Roman Catholic Archdiocese of St Andrews and Edinburgh

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Metropolitan Archdiocese of St Andrews and Edinburgh
Archidioecesis Sancti Andreae et Edimburgensis
Coat of Arms of the Roman Catholic Archdiocese of Edinburgh.svg
Coat of Arms of the Archdiocese of St Andrews and Edinburgh
Location
Country Scotland
Territory City of Edinburgh and the council areas of Clackmannanshire, part of Fife, Falkirk, West, Mid and East Lothian, and the Scottish Borders
Ecclesiastical province St Andrews and Edinburgh
Metropolitan Archbishop of St Andrews and Edinburgh
Coordinates 56°11′20″N 3°37′52″W / 56.189°N 3.631°W / 56.189; -3.631Coordinates: 56°11′20″N 3°37′52″W / 56.189°N 3.631°W / 56.189; -3.631
Statistics
Area 5,504 km2 (2,125 sq mi)
Population
- Total
- Catholics
(as of 2012)
1,533,000
115,900 (7.6%)
Parishes 113
Information
Denomination Roman Catholic
Sui iuris church Latin Church
Rite Roman Rite
Established 4 March 1878
Cathedral St Mary's Metropolitan Cathedral, Edinburgh
Secular priests 76
Current leadership
Pope Francis
Archbishop Leo Cushley
Vicar General Patrick Burke [1]
Emeritus Bishops Cardinal Keith O'Brien, Archbishop-emeritus of St Andrews and Edinburgh
Website
www.archdiocese-edinburgh.com

The Archdiocese of Saint Andrews and Edinburgh (Latin: Archidioecesis Sancti Andreae et Edimburgensis) is an archdiocese of the Latin Church of the Roman Catholic Church in Scotland. It is the Metropolitan see of the Province of Saint Andrews and Edinburgh, consisting of the additional suffragan sees of Aberdeen, Argyll and the Isles, Dunkeld, and Galloway. The archdiocese is led by Archbishop Leo Cushley.

History[edit]

After the Scottish Reformation, the Roman Catholic Church abandoned the ancient dioceses and hierarchy. In 1653, the whole of Scotland became under the authority the Prefecture Apostolic of Scotland, which in 1694 was elevated to the Vicariate Apostolic of Scotland.[2]

On 23 July 1727, Scotland was divided into two Vicariates Apostolic, the Lowland District and Highland District. The Lowland District comprised roughly the Scottish Lowlands.[2]

On 13 February 1827, Scotland was divided again into three Vicariate Apostolics, the Eastern District (formerly the Lowland District), the Northern District (formerly the Highland District), and the Western District (created from terrority of the other two districts).[2]

The Eastern District comprised the sixteen eastern historic counties of Perthshire, Angus, Kincardineshire, Stirlingshire, Clackmannanshire, Kinross, Fife, West Lothian, Mid Lothian, East Lothian, Peebleshire, Selkirkshire, Kirkcudbrightshire, Dumfrieshire, Roxburghshire, and Berwickshire.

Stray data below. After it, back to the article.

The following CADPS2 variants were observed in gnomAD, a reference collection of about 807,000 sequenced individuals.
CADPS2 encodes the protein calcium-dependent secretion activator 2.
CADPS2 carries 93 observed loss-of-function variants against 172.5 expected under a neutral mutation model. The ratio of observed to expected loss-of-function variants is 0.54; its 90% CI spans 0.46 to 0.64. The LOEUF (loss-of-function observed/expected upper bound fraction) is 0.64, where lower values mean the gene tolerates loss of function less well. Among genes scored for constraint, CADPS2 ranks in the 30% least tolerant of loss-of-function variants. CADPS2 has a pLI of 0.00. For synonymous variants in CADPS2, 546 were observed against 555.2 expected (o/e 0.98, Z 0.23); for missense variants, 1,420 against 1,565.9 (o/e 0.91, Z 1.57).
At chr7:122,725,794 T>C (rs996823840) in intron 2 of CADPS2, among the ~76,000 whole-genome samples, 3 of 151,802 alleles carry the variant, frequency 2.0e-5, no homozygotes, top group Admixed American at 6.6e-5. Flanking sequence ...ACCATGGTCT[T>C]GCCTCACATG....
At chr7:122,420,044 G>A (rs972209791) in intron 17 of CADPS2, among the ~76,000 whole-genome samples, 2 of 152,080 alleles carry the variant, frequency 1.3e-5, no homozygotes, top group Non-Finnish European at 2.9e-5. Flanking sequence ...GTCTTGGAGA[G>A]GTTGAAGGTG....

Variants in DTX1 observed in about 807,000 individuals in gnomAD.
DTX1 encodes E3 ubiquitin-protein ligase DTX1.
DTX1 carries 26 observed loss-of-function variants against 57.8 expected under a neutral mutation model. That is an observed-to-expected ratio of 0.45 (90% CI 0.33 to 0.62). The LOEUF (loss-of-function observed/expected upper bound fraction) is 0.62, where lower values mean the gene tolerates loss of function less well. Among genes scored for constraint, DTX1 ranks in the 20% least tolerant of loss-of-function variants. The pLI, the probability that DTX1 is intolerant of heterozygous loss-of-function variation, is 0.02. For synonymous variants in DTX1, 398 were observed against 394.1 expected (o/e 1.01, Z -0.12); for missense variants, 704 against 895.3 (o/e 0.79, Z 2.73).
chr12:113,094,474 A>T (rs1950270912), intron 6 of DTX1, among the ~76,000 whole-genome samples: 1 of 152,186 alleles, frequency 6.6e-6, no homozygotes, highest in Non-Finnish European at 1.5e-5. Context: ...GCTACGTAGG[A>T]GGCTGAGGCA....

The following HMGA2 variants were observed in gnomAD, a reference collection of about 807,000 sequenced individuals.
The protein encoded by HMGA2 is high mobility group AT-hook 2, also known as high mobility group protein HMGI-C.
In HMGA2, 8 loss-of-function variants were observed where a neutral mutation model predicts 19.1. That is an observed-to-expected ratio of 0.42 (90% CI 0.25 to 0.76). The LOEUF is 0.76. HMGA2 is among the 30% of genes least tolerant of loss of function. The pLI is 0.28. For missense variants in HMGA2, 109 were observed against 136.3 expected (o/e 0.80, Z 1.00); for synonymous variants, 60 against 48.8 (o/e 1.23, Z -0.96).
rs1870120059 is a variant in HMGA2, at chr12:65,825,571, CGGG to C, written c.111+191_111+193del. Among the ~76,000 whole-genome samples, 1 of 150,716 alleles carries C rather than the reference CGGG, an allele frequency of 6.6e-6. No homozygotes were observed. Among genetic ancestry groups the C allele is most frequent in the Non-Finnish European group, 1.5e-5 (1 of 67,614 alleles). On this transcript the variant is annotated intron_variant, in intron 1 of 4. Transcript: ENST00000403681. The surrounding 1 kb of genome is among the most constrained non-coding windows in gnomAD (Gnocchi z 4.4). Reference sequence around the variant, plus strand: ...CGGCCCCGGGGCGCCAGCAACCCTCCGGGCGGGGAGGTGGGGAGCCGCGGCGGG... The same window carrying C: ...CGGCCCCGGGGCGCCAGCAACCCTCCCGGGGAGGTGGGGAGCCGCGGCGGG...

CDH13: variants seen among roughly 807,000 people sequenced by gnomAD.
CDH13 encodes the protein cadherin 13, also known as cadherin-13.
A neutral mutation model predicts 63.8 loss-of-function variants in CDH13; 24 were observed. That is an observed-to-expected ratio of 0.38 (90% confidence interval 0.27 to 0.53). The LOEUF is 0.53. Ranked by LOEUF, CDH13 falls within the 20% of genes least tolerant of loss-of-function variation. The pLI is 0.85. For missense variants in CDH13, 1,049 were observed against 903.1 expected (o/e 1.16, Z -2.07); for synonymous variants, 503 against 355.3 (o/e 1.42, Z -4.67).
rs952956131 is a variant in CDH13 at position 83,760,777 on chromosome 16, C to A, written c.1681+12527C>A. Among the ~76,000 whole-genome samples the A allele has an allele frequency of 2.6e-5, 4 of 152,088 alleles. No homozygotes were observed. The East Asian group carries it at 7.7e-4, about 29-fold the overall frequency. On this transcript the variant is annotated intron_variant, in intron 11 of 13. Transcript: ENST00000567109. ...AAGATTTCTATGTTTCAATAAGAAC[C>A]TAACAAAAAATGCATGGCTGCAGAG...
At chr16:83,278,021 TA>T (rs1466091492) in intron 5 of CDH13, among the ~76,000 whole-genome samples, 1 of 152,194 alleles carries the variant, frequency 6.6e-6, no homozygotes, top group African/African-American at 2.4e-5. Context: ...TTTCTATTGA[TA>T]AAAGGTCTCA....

Following the restoration of the Scottish hierarchy by Pope Leo XIII on 15 March 1878, part of the Eastern District was elevated to the status of an Archdiocese with the title St Andrews & Edinburgh.[2]

Office holders[edit]

Prefecture Apostolic of Scotland.[2]
Vicariate Apostolic of Scotland.[2]
  • Thomas Joseph Nicolson (appointed on 7 September 1694 – died on 12 October 1718)
  • James Gordon (succeeded on 12 October 1718 – appointed Vicar Apostolic of the Lowland District on 23 July 1727)
Vicariate Apostolic of the Lowland District.[2]
  • James Gordon (appointed on 23 July 1727 – died on 18 February 1746)
  • Alexander Smith (succeeded on 18 February 1746 – died on 21 August 1767)
  • James Grant (succeeded on 21 August 1767 – died on 3 December 1778)
  • George Hay (succeeded on 3 December 1778 – retired on 24 August 1805)
  • Alexander Cameron (succeeded on 24 August 1805 – retired on 20 August 1825)
  • Alexander Paterson (appointed on 20 August 1825 – appointed Vicar Apostolic of the Eastern District 13 February 1827)
Vicariate Apostolic of the Eastern District.[2]
  • Alexander Paterson (appointed on 13 February 1827 – died on 30 October 1831)
  • Andrew Carruthers (appointed on 28 September 1832 – died on 24 May 1852)
  • James Gillis (succeeded on 24 May 1852 – died on 24 February 1864)
  • John Menzies Strain (appointed on 2 September 1864 – appointed Archbishop of St Andrews and Edinburgh on 15 March 1878)
Archdiocese of St Andrews and Edinburgh.[2]

References[edit]

  1. ^ "Burke to be Edinburgh vicar general". The Tablet (UK). 9 November 2013. Retrieved 10 November 2013. 
  2. ^ a b c d e f g h i Archdiocese of Saint Andrews and Edinburgh at Catholic-Hierarchy Retrieved on 30 September 2010.
  3. ^ "Cardinal Keith O’Brien resigns, will not go to conclave". Catholic News Agency. Retrieved 25 February 2013. 

External links[edit]